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Wellness and Healthy Behaviors

As a childhood cancer survivor, healthy lifestyle behaviors and overall wellness are paramount to managing potential side effects and achieving a higher quality of life! It is essential to live healthily – both physically and mentally – and maintain a balanced life by incorporating an effective stress management system to navigate survivorship and all its related issues. Family members of childhood cancer survivors are so often affected by the impact of the trauma and the cancer treatment, and sometimes even the continuing effects of significant chronic health issue management. Maintaining healthy habits helps the body heal and continues to strengthen the body and mind.

Caring for a Healthy Body and Brain

Taking care of one’s body and brain keeps a person strong and supports physical and mental health. Caring for and keeping a body and brain healthy is important for performance, cognitive function, and higher quality of life. This is important for everyone, but it is more critical for survivors and their families.

Staying Healthy Through Diet and Physical Activity

Healthy Living

How To Stay Healthy

Teenagers: Taking Care of Yourself

Why should survivors and parents of survivors maintain a healthy mind when continuing on the survivorship journey?

The Centers for Disease Control and Prevention (CDC) states that mental and physical health are equally important components of overall health. As you experience heightened stress, your physical health will respond to it. Stress can affect a person in many ways, and coping with that stress in healthy ways leads to positive mental and physical health.


Why is sleep so important, and how can I make sure I practice good sleep habits?

According to Johns Hopkins Medicine, nearly one in four childhood cancer survivors had difficulty falling asleep and staying asleep. Sleep is crucial for the body to heal, rest, and recover. Ensuring good quality sleep helps a variety of bodily processes function correctly. Disrupted sleep, and sleeping less than needed, may result in sluggishness and/or grogginess. Sleep deficiency is associated with several chronic health problems, such as heart disease, kidney disease, high blood pressure, diabetes, stroke, obesity, and depression. Additionally, sleep deficiency increases the risk of injury.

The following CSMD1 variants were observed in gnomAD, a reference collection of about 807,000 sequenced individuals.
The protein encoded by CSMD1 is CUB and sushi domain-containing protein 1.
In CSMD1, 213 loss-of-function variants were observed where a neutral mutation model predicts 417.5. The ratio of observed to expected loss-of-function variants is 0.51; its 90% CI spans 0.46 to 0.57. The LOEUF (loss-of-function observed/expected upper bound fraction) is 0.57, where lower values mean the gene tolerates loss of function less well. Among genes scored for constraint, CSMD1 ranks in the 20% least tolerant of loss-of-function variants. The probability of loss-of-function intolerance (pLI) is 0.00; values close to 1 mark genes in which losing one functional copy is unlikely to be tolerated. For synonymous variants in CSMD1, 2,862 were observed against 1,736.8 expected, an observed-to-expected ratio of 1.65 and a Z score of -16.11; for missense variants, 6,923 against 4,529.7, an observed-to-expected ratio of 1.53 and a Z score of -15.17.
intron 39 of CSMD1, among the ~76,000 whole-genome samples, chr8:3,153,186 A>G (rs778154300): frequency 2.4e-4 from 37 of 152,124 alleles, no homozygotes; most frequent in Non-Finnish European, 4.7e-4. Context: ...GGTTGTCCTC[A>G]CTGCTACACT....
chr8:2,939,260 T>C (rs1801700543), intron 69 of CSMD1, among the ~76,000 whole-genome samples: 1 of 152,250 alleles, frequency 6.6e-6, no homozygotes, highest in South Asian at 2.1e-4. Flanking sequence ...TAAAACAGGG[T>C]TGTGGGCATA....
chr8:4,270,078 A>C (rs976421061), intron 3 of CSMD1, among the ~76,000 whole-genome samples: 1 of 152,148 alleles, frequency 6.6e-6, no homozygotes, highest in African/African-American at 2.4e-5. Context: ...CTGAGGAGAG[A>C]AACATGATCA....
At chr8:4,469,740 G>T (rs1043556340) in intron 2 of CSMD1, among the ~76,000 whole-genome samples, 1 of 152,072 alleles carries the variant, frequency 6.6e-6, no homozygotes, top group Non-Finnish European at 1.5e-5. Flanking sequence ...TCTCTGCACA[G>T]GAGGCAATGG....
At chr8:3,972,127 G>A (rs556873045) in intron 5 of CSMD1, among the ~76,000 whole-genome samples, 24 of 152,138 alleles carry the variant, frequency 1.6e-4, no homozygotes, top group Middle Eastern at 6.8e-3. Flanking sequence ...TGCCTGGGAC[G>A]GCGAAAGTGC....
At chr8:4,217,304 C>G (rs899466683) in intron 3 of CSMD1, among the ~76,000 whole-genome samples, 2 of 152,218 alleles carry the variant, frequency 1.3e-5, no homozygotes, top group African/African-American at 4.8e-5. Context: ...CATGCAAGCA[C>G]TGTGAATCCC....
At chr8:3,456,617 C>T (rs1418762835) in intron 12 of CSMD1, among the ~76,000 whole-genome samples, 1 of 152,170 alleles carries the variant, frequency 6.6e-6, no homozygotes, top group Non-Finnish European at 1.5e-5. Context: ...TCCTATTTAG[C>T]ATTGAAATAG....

What is mindfulness, and how can it benefit me?

Mindfulness is taking time to be present, intentionally noticing what is happening inside and outside of ourselves, and accepting what we observe. Mindfulness practices can help survivors and their families acknowledge and accept difficult emotional experiences. It can also help survivors and their families embrace changes that may provide an increased sense of control so that healing can begin. It can be highly beneficial for those dealing with difficult situations, complex emotions, and/or anxiety by providing an opportunity to stop for a time and just be present – without judgment or worry. It allows time to breathe and center, which helps regulate the nervous system. The National Institutes of Health (NIH) states that mindfulness can lower blood pressure and improve sleep. It may even help people cope with pain.


How can exercise benefit a childhood cancer survivor?

Exercise is especially beneficial to childhood cancer survivors. According to Children’s Healthcare of Atlanta, research has shown that adult survivors of childhood cancer who engage in regular vigorous exercise have better long-term health and typically live longer than those who do not.

Active children, teenagers, and young adults have better:

  • Quality of life
  • Heart health
  • Lung health
  • Bone health
  • Attention and memory
  • School performance
  • Sleep

They also have fewer chronic health conditions, such as:

  • Diabetes or high blood pressure
  • Obesity
  • Anxiety
  • Depression
  • Fatigue


How can I explain to my friends that sometimes I just can’t keep up with them? Some days I can do a lot, but other days I barely can get out of bed. They can’t see what it’s like. My late effects really are invisible.

A woman with invisible disabilities wrote a blog to describe how chronic illness and disabilities can affect the amount of energy required to do tasks on a given day.  She used spoons as a metaphor to represent a day’s available capability, where each spoon represented a concrete amount of energy. Due to variance from day to day, survivors may need to ration their “spoon energy” selfishly rather than attempt to keep up with others.  For instance, it may take “one spoon” to get out of bed, eat breakfast, and get dressed for the day, while the same tasks may take “five spoons” on another day. If a person only has “ten spoons” total for a given day, using five spoons to accomplish morning tasks can make the day challenging! Meeting friends for coffee may be important, but it may be the only thing a person can do that day. On other days however, time with friends may not cost as many “spoons,” allowing for a more balanced day similar to one’s peers. Spoon theory is an easy way to help explain the complicated concept of the variance of capability from day-to-day when someone lives with invisible disabilities.